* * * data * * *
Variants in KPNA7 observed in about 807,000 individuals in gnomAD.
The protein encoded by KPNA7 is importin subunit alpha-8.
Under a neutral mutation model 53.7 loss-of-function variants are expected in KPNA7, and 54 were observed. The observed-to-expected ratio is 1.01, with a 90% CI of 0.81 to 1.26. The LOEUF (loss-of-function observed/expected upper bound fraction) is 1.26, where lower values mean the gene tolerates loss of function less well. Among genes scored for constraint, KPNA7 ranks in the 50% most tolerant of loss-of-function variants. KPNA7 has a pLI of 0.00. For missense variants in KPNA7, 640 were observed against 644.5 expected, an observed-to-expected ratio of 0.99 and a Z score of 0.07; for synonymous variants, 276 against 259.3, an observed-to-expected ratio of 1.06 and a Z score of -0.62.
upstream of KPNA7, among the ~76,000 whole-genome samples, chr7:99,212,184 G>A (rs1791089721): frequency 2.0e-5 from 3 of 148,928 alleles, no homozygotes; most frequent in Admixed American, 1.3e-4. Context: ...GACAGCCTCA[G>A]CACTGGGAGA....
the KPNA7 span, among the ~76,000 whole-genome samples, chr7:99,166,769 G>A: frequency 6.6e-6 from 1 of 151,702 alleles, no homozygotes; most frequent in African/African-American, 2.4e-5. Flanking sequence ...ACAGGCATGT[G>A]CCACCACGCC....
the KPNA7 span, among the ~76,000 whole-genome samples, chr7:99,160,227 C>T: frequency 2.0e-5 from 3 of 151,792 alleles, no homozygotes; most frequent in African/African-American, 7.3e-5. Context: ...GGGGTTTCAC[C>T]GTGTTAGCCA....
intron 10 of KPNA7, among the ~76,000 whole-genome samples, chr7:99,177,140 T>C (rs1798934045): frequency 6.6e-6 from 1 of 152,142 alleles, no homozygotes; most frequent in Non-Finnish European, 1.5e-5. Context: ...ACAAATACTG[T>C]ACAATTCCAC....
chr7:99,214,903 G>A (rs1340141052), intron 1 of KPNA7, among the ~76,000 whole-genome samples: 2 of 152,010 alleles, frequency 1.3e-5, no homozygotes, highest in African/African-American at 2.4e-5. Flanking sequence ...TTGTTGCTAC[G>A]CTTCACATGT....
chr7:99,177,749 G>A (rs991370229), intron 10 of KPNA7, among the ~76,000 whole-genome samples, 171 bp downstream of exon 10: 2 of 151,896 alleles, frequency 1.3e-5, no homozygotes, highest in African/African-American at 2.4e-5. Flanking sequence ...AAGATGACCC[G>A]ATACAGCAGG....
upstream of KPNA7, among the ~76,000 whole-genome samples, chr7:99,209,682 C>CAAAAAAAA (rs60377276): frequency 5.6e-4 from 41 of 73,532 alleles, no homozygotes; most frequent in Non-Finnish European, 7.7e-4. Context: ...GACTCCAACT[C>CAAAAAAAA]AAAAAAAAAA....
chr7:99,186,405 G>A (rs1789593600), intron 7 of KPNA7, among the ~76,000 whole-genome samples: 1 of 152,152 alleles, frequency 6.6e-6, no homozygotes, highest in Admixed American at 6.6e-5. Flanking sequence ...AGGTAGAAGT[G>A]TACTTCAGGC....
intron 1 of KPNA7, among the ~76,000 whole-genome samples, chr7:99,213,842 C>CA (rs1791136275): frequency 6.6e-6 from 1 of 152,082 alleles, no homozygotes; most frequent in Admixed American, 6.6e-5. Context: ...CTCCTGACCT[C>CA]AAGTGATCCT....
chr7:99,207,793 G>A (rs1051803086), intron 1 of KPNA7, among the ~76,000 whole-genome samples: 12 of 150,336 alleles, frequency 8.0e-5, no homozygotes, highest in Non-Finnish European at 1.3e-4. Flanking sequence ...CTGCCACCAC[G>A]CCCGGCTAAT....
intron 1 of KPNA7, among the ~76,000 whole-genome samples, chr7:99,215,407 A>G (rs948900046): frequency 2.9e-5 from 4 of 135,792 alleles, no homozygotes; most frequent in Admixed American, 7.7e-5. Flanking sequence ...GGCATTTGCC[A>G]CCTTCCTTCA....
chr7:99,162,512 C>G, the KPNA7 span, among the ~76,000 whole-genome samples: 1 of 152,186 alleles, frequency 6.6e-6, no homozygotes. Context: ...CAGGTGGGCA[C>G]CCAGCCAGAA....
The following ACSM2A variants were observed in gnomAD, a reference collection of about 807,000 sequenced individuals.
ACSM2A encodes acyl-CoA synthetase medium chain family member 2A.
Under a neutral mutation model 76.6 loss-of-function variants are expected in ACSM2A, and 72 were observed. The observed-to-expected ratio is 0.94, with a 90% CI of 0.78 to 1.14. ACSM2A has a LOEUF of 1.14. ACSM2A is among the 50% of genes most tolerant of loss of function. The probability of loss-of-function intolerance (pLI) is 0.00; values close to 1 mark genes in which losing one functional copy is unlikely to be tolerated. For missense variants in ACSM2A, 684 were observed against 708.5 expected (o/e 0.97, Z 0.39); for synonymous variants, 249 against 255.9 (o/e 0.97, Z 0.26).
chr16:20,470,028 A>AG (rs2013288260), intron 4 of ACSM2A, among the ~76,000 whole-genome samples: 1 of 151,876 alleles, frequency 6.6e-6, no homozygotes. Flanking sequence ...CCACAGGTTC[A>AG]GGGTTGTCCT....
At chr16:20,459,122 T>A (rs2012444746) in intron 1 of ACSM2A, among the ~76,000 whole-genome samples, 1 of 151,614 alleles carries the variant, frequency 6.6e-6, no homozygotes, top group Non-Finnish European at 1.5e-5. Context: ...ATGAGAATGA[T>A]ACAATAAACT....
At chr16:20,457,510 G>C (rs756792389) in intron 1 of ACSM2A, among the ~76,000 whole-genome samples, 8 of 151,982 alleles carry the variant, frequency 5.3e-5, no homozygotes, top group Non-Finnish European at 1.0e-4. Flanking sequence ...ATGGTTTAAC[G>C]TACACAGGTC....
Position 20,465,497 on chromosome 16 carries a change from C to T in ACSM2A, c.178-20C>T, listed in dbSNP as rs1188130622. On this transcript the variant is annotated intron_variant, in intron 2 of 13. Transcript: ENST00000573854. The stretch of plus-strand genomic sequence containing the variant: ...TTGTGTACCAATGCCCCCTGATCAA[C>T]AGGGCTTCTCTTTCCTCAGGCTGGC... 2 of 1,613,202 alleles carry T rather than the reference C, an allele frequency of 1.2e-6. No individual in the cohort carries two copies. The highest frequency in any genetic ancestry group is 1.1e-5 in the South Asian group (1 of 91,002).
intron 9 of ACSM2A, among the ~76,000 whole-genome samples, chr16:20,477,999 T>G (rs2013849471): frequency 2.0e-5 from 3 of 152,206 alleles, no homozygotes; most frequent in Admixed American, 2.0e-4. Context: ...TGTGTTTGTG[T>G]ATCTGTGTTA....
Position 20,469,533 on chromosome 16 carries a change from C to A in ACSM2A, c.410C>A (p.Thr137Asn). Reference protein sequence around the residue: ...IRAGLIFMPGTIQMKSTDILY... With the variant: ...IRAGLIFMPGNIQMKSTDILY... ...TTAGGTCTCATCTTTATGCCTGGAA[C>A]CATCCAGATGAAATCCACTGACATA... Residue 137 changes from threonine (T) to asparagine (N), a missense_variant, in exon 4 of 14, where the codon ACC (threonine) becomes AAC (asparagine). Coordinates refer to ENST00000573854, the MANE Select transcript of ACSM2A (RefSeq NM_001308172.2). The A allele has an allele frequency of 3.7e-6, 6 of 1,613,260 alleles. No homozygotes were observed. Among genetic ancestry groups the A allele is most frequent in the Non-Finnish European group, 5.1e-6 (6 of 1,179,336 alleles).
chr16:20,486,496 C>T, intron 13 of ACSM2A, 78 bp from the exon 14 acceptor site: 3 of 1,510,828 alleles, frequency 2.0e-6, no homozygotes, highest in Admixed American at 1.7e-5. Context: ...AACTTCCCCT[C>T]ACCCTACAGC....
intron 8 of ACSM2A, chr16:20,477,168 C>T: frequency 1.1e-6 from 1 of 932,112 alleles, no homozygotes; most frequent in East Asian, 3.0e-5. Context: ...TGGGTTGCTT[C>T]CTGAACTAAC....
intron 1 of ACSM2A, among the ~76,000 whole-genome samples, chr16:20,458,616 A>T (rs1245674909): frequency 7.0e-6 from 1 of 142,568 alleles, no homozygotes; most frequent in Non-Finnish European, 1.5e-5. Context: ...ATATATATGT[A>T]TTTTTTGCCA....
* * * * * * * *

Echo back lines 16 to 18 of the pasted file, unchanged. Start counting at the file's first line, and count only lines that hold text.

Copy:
The following ACSM2A variants were observed in gnomAD, a reference collection of about 807,000 sequenced individuals.
ACSM2A encodes acyl-CoA synthetase medium chain family member 2A.
Under a neutral mutation model 76.6 loss-of-function variants are expected in ACSM2A, and 72 were observed. The observed-to-expected ratio is 0.94, with a 90% CI of 0.78 to 1.14. ACSM2A has a LOEUF of 1.14. ACSM2A is among the 50% of genes most tolerant of loss of function. The probability of loss-of-function intolerance (pLI) is 0.00; values close to 1 mark genes in which losing one functional copy is unlikely to be tolerated. For missense variants in ACSM2A, 684 were observed against 708.5 expected (o/e 0.97, Z 0.39); for synonymous variants, 249 against 255.9 (o/e 0.97, Z 0.26).